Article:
Writing An Effective, Rule-Breaking Resume

There are many sources, both offline and online, that have offered countless tips on how to concoct a resume that will help you land a job. Or at the very least, make your interviewers REALLY consider you. Some tips may work for you while some may not. But one thing you should not forget is this: a resume needs to say who you are in a nutshell.

A number of potential employers do take time to read what you have written on your resume and the information you have detailed in there will probably help you land a job, if not a finger pointing to the exit. Therefore, it is imperative to assume that every job interviewer will look properly at your resume. Your resume should project you as the last person their company will ever need.

But how, exactly? Here’s the ultimate tip: disregard the rules of formally writing a resume.

While this piece of advice may seem risky, it does have its merits. For one, interviewers have grown accustomed to basically all standard resume structures and formats. To them, looking at the same structure in every job interview they conduct can be quite boring and repetitive. If your resume is same as the others, then you can be sure that your resume will only get a quick glance before it joins the pile of other boring and FORGOTTEN resumes.

The trick is to be different without going too crazy and potentially crossing the line into annoying. Integrating a unique header should do the trick. The usual header includes your name your address, phone number, and other important details. But since you are breaking resume conventions, add some twists to your heading. You can start by using attractive and interesting fonts (that does NOT mean curlz MT!) or including your most photogenic close-up shot. Include some tasteful colors. Use high quality paper. Subtle touches such as these can make all the difference.

Remember: the goal here is to grab your interviewer’s attention.

Attention is the operative keyword here. If you have their attention, then you have found a foothold. The next thing to do once you have their notice is to get them interested. Displaying information that will entice their interest is critical.  At this point, research is king. Knowing what the company you are applying to will help you a great deal in what you need to put in your resume. Also, it important that you gather information about the position you want to fill.

Knowing what the interests and goals of the company are will enable you to screen the information you put in your resume. You do not need to put every important highlight of your life, but those the company will possibly relate to, which means RELEVANT to the position you are applying for.

Another tip: a padded resume never ever looks good.  Too many details about different job experiences will make you look like someone who is not in it for the long haul.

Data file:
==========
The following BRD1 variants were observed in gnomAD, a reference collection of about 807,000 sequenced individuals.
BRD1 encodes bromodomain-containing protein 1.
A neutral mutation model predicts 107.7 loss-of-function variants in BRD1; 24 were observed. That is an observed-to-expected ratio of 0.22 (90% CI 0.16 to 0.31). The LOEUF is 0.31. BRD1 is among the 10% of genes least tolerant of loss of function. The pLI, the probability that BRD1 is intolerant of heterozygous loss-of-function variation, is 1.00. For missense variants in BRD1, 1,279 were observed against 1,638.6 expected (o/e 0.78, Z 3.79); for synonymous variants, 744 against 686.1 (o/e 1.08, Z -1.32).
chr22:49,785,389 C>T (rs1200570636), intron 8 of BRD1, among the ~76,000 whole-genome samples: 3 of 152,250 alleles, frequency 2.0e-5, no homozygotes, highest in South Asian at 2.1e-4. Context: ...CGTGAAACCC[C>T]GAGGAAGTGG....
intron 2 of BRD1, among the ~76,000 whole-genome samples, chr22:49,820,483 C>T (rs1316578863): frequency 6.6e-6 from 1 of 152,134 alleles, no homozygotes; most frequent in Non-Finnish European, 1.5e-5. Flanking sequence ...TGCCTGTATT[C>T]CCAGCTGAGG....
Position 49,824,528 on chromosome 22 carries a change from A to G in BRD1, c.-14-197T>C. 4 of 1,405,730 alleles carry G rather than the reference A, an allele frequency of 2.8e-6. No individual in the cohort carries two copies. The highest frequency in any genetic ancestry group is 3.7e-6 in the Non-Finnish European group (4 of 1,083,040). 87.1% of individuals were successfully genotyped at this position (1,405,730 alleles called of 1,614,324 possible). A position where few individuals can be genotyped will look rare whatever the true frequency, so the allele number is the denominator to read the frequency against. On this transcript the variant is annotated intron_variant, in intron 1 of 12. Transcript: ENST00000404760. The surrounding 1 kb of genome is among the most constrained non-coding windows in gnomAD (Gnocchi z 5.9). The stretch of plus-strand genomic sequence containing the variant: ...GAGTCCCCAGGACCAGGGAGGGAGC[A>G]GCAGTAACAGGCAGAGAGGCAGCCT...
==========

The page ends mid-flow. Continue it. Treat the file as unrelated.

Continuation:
After grabbing your interviewer’s attention and getting them interested, the next thing your resume must do is sell you. You do this by putting a section that describes your future goals, objectives, and career plans. This is where you establish yourself as a professional person.

Remember though that this part is where you SELL yourself. Oversell and you will look cocky and arrogant. Undersell and you will end up seeming like someone who has no initiative or direction.

These resume-writing tactics do not guarantee you getting a job. But what they do is give you an edge over your competition by helping your resume get more than the casual quick glance and some serious consideration. Good luck with the job search!


  1. Heather says:

    My resume is rather boring but I try to keep it straight and to the point- I think a picture will be a good addition though. Thanks!

  2. Robert Rathmann says:

    I don’t know that you would be breaking any rules doing this stuff because the old school way of doing things is the one that they are so familiar with that it’s no longer relevant. In this economy you need to stand out from the crowd.

  3. Cythia says:

    I love this idea, as a hiring manager I’m so sick of reading resumes. 99% of the time they are dead boring.

  4. Lillie says:

    I think this is a great idea, over the years everything has changed but the way resumes are supposed to be written has stayed the same for eons. We have a new and energetic group coming out of the schools now, they should play by a new set of rules!

  5. Lee Wells says:

    As an addition to the points you’ve made, a sharply focused resume is extremely important these days. Given that employers screen resumes for as few as 6 seconds, a resume should show the employer at a glance what you want to do and what you’re good at. Studies have shown that employers wanted resumes to show a clear match between the applicant and a particular job’s requirements. A “general” resume that is not focused on a specific job’s requirements is seen as not competitive.

  6. Jasmine says:

    Our generation that is coming up needs something that will make them stand out above the rest that is true. Companies are getting so used to seeing one thing it is probably hard to find those key people that stick out for originality and flare unless they do something special. I’ve thought of a few other things I could try doing to differenciate myself depending on the company also from this, thanks ;)

  7. Dawn Sutherland says:

    There are some great ideas for getting noticed over other resumes in here. I can imagine that many of the tips could actually be quite effective. Thanks for sharing.

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